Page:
From: hughes@ah.com (Eric Hughes)

To: cypherpunks@toad.com

Message Hash: 0f010d3f51119d0951990aab884a54831fb4681292e76d1dc68e692a6317d67b

Message ID: <9402261516.AA00865@ah.com>

Reply To: <9402260715.AA18185@merde.dis.org>

UTC Datetime: 1994-02-26 15:25:08 UTC

Raw Date: Sat, 26 Feb 94 07:25:08 PST

```
From: hughes@ah.com (Eric Hughes)
Date: Sat, 26 Feb 94 07:25:08 PST
To: cypherpunks@toad.com
Subject: DH Exchange Code / Magic Money comments
In-Reply-To: <9402260715.AA18185@merde.dis.org>
Message-ID: <9402261516.AA00865@ah.com>
MIME-Version: 1.0
Content-Type: text/plain
>To use DH, we need a modulus n and a generator g. Unlike an RSA modulus,
>which is a product of two primes, a DH modulus must be prime. (n-1)/2 must
>also be prime.
I know I recommended this characteristic for the modulus (and I got it
from Burt Kaliski). Nevertheless, (n-1)/2 doesn't _have_ to be prime,
it's just much easier to prove that your generator actually is a
generator. In fact, half the elements in such a ring are
multiplicative generators. The algorithm to find moduli is simple,
even if it does take a long time.
There are faster ways of looking for moduli. One method is to take a
candidate prime and try to factor n-1, if you can. (If you can't,
give up and go on.) If you get a few small factors and one large
probable prime factor, then you can still look for known generators.
The candidate must first be relatively prime to the modulus. Then one
checks that the candidate raised to each of the factors is not 1.
There are fewer generators in such moduli, but the moduli are easier
to find.
The security of the modulus to a precomputation attack is equal to the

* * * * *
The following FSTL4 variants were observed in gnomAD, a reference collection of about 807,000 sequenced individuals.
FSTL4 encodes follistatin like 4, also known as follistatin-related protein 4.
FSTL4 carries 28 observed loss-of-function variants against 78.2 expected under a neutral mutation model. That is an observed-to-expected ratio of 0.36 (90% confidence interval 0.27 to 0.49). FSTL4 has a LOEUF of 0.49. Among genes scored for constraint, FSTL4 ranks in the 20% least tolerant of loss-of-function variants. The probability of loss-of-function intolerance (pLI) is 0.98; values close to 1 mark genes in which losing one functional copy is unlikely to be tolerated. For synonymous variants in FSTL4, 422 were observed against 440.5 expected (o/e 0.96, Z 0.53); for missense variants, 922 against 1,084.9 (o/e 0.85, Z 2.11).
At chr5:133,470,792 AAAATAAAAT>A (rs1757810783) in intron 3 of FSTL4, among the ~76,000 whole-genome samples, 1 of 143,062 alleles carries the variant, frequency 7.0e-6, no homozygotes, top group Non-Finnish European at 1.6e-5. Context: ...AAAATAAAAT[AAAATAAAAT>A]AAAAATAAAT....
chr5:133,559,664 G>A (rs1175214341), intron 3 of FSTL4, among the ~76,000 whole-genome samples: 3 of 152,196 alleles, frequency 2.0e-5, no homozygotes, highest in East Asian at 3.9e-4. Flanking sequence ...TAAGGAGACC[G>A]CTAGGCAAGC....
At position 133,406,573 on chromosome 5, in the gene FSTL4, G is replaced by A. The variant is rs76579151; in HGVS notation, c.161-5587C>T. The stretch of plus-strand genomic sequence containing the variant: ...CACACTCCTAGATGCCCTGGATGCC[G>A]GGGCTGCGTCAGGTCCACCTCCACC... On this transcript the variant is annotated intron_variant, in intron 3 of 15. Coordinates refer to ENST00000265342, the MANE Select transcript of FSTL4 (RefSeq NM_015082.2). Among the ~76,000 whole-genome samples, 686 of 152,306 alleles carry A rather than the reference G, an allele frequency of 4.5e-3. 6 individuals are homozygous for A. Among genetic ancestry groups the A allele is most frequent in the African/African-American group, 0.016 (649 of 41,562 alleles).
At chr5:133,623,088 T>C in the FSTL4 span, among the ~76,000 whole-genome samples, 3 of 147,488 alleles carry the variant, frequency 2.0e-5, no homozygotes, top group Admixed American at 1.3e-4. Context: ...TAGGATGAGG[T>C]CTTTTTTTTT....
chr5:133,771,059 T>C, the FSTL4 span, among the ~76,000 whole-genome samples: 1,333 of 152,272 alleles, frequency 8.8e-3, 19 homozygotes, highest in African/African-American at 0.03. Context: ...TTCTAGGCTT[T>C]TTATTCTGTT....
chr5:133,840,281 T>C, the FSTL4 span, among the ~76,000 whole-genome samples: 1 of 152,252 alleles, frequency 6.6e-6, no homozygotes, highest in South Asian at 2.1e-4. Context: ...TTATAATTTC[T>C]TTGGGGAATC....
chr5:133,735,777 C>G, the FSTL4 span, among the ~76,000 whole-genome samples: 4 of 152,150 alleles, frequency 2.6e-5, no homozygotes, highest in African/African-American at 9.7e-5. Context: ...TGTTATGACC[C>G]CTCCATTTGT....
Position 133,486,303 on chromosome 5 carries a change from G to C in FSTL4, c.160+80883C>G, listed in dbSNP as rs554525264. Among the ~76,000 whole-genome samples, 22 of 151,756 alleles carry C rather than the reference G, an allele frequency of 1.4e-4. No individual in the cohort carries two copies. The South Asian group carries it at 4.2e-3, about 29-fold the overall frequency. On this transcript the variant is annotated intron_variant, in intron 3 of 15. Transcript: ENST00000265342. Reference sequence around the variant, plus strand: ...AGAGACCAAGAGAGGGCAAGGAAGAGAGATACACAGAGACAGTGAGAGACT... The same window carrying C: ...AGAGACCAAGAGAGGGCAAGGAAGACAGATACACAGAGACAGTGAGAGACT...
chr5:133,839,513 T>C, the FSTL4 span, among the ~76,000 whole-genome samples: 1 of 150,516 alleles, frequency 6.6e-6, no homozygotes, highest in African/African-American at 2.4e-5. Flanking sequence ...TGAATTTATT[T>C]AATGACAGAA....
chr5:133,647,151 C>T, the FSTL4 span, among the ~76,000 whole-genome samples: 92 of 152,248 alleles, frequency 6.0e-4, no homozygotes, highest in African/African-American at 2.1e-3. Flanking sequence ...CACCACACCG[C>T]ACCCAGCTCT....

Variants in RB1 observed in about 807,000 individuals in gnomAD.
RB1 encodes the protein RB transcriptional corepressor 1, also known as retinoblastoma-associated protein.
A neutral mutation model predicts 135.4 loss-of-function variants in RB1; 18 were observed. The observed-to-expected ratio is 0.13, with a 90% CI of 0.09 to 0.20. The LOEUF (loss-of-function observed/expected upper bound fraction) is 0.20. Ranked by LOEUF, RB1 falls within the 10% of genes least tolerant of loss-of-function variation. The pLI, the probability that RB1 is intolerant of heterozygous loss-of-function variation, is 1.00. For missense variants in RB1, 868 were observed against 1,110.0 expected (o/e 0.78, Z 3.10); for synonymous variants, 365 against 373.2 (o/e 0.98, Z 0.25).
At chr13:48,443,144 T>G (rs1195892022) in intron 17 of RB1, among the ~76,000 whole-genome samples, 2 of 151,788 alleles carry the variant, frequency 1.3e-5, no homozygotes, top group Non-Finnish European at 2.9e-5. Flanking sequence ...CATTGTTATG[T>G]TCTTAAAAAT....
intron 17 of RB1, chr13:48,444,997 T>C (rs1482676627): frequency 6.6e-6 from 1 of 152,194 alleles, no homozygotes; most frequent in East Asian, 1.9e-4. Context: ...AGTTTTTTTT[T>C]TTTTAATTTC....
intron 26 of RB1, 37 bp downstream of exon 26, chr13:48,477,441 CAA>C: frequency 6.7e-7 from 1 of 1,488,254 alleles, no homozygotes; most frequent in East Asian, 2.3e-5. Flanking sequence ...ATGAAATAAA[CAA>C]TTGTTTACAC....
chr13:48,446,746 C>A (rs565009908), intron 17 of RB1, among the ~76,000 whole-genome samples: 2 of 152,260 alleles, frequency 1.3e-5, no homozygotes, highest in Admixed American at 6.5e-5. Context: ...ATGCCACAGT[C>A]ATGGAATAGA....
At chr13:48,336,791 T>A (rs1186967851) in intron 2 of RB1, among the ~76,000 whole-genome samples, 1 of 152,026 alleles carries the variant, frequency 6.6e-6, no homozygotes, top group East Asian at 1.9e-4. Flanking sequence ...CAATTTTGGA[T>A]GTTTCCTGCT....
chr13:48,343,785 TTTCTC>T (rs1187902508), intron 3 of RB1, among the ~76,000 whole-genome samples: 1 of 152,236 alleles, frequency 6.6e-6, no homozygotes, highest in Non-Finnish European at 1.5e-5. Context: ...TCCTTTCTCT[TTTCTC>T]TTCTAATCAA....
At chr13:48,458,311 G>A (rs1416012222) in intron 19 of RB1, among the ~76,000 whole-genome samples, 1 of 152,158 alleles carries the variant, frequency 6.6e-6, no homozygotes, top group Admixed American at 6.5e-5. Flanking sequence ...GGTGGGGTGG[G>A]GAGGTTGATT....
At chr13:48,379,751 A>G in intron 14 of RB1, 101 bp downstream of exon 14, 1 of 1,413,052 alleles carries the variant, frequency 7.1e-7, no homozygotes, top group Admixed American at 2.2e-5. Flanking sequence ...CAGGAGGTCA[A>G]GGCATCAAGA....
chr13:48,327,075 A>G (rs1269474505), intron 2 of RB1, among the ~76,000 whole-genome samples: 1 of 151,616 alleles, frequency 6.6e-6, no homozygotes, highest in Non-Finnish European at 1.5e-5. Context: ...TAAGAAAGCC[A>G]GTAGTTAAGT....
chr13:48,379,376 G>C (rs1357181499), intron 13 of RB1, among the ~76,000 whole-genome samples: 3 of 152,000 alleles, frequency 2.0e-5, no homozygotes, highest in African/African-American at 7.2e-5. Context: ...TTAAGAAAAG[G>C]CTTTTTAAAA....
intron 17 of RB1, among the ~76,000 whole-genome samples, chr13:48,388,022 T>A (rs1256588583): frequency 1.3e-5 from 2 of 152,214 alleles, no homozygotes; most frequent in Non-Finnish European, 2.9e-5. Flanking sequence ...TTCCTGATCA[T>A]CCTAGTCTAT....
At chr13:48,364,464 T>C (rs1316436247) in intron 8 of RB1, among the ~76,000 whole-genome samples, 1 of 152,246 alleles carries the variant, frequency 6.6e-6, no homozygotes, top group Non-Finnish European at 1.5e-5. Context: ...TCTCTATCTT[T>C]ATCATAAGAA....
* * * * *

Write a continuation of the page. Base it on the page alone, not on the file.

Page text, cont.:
size of its largest prime factor, so while the second method is
ever-so-slightly less secure with the same modulus size, the effective
security can be made the same by increasing the modulus size of the
second method.
>This makes the moduli slightly painful to find, but they can
>be reused indefinitely.
Be careful about saying "indefinite". It's not true in the long run,
so far as we can tell now. As computational power increases, so also
do the lengths required to prevent attacks.
Remember, that every crypto system has a sunset after which there will
be enough computation available to read past traffic, if recorded. No
cryptosystem is good forever. One always needs to figure out just how
long one wants one ciphertext to be secure.
Or is that a sunrise? ...
(I pass over arguments about physical limitations of computation, not
because I think they are wrong, but because I'm not convinced that we
know enough to know we're asking the right questions. Plus these
arguments do not yield key sizes that are yet practical to implement.)
And lastly, you can trust a thousand-bit modulus p where (p-1)/2 is
also prime. Go ahead and use it.
Eric
```

Return to February 1994

- Return to “hughes@ah.com (Eric Hughes)”
Return to “remailer@merde.dis.org (remailer bogus account)”

- 1994-02-26 (Fri, 25 Feb 94 23:15:35 PST) - DH Exchange Code / Magic Money comments -
*remailer@merde.dis.org (remailer bogus account)*- 1994-02-26 (Sat, 26 Feb 94 07:25:08 PST) - DH Exchange Code / Magic Money comments -
*hughes@ah.com (Eric Hughes)*

- 1994-02-26 (Sat, 26 Feb 94 07:25:08 PST) - DH Exchange Code / Magic Money comments -